Rutgers maintains security after Heartbleed bug


Heartbleed, a security flaw with the potential to disclose sensitive user information, has been affecting websites worldwide for the past month.

Heartbleed takes advantage of a flaw in the security software OpenSSL, which is one of the most popular web security services in use today, said Michael Gergel, director of the Information Protection and Security department in the University’s Office of Information Technology, in an article for The Daily Targum.

Myriad web providers were forced to patch their servers after the announcement of the bug on April 7, according to cnet.com. More than 30 of the top 100 U. S. web services had been using vulnerable versions of OpenSSL.

Gergel said as many as 500,000 websites worldwide were susceptible to Heartbleed at the time of the announcement, and anyone who logged into these websites before the update had the potential to be attacked.

Attackers targeting an affected website could obtain anything from user account information and passwords to encryption keys that would give access to any data stored on the web server, said Val Red, junior system administrator for the University’s Engineering Computer Services.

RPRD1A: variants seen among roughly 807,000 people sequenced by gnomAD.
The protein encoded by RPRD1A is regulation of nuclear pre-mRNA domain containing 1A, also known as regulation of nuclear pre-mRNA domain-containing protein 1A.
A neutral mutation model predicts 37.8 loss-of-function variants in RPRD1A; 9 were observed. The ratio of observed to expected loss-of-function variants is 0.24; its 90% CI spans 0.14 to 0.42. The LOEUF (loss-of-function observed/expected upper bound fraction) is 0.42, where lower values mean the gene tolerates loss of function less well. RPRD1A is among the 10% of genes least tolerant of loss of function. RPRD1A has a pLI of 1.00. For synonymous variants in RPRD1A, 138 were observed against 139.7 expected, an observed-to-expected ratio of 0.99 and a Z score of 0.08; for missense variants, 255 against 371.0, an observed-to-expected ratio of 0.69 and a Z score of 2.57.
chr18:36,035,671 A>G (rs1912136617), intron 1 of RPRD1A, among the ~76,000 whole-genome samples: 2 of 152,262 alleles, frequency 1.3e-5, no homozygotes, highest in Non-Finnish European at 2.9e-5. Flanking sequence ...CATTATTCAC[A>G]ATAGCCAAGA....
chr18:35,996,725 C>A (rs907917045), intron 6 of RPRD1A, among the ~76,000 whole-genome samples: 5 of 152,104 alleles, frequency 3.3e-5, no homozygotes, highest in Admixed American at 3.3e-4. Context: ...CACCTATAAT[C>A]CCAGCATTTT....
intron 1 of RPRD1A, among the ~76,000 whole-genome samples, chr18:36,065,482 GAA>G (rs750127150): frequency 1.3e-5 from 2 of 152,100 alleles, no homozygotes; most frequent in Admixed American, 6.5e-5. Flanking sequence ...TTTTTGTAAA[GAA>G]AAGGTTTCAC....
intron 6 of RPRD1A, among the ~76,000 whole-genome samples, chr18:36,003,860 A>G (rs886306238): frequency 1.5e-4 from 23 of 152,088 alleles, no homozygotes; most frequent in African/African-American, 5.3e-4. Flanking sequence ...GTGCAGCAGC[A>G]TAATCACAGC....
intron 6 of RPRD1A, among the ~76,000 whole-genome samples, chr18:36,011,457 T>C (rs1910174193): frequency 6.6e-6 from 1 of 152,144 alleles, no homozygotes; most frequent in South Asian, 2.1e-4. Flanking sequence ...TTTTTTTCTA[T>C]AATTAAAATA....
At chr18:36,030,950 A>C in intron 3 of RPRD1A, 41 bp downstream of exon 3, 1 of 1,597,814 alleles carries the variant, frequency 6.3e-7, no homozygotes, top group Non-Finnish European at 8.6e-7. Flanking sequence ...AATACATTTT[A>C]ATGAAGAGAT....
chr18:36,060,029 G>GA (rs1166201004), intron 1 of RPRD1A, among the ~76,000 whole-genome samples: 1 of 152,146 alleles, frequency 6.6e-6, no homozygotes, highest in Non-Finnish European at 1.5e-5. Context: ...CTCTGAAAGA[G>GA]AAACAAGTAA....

The bug allowed attackers to obtain random chunks of data stored in the server, Gergel said, so the chances of Heartbleed revealing sensitive information was low but definitely possible, and the likeliness increased with more attacks.

Rutgers’ Central Authentication Service was unaffected by the bug, he said, but the OIT urged students to remain cautious while browsing the web.

Donald Smith, vice president for information technology and chief information officer of the OIT, sent emails to all Rutgers students recommending password changes and advising them of other vulnerabilities attackers might use to their advantage.

“OIT expects that ‘phishers’ will attempt to exploit this opportunity,” Smith said in an email. “Please be vigilant in protecting your identity and do not click on links in emails.”

Phishers impersonate trusted web services in emails, fake websites or even phone calls to obtain private information, Gergel said, and unsuspecting users comply.

Red, a School of Engineering senior, emphasized in the Targum article the importance of taking the necessary steps to keep user information as secure as possible in light of the bug.

“Exercise situational awareness when accessing a site, and consider logging out every time you’re done,” he said in the article. “Be smart about what you do on the web.”


Melanie Groves

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